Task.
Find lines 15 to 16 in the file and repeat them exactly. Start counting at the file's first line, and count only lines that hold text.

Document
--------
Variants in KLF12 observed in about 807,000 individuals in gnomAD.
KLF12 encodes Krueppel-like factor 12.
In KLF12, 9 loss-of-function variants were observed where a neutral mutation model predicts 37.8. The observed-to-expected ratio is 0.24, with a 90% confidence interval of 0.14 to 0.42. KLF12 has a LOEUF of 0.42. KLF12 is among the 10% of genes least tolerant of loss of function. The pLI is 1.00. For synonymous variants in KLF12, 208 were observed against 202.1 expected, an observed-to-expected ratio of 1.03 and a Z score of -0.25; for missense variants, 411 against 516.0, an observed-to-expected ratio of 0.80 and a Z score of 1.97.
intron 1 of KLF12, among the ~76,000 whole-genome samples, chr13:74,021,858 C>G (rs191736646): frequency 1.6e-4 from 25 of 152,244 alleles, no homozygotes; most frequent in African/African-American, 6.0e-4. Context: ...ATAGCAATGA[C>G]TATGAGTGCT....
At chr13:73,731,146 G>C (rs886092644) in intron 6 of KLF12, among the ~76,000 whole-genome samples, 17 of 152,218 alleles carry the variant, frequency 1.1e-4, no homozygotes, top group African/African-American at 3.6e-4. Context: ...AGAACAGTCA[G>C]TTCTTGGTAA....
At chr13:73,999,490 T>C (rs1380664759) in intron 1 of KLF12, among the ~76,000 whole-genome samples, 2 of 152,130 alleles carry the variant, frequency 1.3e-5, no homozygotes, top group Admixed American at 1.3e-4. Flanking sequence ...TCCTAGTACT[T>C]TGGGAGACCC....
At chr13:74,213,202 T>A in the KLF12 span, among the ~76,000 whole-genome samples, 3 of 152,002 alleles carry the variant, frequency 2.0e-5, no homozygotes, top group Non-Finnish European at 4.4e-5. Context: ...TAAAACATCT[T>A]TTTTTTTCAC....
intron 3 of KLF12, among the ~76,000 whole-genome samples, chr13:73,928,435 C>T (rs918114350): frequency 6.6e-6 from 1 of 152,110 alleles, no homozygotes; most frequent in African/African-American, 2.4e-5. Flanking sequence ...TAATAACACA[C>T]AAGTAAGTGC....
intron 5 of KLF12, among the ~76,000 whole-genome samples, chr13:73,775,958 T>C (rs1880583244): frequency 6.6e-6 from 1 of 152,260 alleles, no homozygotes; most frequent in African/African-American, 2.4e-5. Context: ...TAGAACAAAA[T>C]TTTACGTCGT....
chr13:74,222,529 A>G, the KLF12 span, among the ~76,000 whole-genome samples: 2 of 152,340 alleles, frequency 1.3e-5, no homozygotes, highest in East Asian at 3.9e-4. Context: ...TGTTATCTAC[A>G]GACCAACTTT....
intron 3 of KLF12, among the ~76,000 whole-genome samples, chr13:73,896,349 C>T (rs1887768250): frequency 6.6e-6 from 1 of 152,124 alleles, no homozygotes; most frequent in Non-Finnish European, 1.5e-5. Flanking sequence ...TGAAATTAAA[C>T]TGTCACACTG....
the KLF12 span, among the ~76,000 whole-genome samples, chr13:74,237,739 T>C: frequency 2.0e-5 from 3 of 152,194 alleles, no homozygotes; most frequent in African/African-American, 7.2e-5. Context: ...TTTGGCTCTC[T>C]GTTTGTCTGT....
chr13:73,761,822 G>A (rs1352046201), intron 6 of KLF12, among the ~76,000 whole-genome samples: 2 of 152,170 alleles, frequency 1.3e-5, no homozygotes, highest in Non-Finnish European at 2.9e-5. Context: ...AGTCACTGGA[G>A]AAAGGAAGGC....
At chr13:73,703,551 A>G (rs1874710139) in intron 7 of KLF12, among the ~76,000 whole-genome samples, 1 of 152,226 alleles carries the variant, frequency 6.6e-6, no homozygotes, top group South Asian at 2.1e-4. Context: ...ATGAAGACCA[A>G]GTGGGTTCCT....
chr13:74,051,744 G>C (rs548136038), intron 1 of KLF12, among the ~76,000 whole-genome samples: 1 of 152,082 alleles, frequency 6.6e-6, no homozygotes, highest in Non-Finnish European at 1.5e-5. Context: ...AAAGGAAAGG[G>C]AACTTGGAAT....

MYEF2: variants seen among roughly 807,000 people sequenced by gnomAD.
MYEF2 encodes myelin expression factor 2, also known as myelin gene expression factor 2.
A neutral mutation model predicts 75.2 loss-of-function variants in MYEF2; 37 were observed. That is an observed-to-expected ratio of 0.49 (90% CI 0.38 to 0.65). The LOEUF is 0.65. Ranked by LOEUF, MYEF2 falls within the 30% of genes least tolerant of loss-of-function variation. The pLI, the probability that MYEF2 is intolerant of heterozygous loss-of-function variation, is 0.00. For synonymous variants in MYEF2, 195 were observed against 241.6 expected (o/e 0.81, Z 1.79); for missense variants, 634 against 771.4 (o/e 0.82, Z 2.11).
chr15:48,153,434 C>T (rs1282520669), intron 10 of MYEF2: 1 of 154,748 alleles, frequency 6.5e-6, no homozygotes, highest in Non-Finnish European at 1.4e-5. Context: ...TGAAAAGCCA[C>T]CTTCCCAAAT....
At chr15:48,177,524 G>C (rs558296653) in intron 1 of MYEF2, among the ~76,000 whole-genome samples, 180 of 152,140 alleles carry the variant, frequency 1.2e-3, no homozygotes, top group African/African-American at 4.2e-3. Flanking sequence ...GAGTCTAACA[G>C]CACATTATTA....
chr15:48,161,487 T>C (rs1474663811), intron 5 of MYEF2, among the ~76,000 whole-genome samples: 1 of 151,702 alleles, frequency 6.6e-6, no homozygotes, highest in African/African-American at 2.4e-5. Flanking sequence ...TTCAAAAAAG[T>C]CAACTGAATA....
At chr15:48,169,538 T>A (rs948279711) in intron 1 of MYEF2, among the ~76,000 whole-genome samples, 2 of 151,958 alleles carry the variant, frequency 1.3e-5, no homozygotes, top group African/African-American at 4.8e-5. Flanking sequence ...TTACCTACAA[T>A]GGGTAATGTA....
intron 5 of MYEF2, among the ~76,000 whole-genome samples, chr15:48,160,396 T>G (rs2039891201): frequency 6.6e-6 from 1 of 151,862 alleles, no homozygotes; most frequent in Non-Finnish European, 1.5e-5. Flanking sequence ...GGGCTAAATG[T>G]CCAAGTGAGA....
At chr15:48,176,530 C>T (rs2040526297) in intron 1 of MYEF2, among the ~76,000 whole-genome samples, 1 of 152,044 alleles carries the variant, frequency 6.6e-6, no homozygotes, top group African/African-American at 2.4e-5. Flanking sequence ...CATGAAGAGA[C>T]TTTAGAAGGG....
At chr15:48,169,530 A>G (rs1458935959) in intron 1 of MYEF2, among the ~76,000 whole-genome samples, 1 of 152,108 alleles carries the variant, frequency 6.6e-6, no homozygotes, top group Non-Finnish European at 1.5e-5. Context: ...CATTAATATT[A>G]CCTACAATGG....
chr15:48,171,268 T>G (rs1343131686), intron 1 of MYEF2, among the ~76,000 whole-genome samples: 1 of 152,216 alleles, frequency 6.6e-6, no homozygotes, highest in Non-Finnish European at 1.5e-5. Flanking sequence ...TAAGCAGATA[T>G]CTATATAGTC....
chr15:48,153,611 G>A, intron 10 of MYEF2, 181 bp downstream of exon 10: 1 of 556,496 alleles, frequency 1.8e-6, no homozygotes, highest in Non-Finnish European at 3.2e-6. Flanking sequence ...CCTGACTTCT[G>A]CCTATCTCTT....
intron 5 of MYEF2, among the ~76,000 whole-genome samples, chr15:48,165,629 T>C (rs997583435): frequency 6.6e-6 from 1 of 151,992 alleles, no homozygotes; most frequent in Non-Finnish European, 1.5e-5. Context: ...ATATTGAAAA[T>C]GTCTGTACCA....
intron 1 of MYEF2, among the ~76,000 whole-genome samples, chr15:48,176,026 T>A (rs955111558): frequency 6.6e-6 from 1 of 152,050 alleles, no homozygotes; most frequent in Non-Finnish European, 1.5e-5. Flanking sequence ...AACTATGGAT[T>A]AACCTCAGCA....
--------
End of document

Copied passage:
chr13:74,051,744 G>C (rs548136038), intron 1 of KLF12, among the ~76,000 whole-genome samples: 1 of 152,082 alleles, frequency 6.6e-6, no homozygotes, highest in Non-Finnish European at 1.5e-5. Context: ...AAAGGAAAGG[G>C]AACTTGGAAT....

MYEF2: variants seen among roughly 807,000 people sequenced by gnomAD.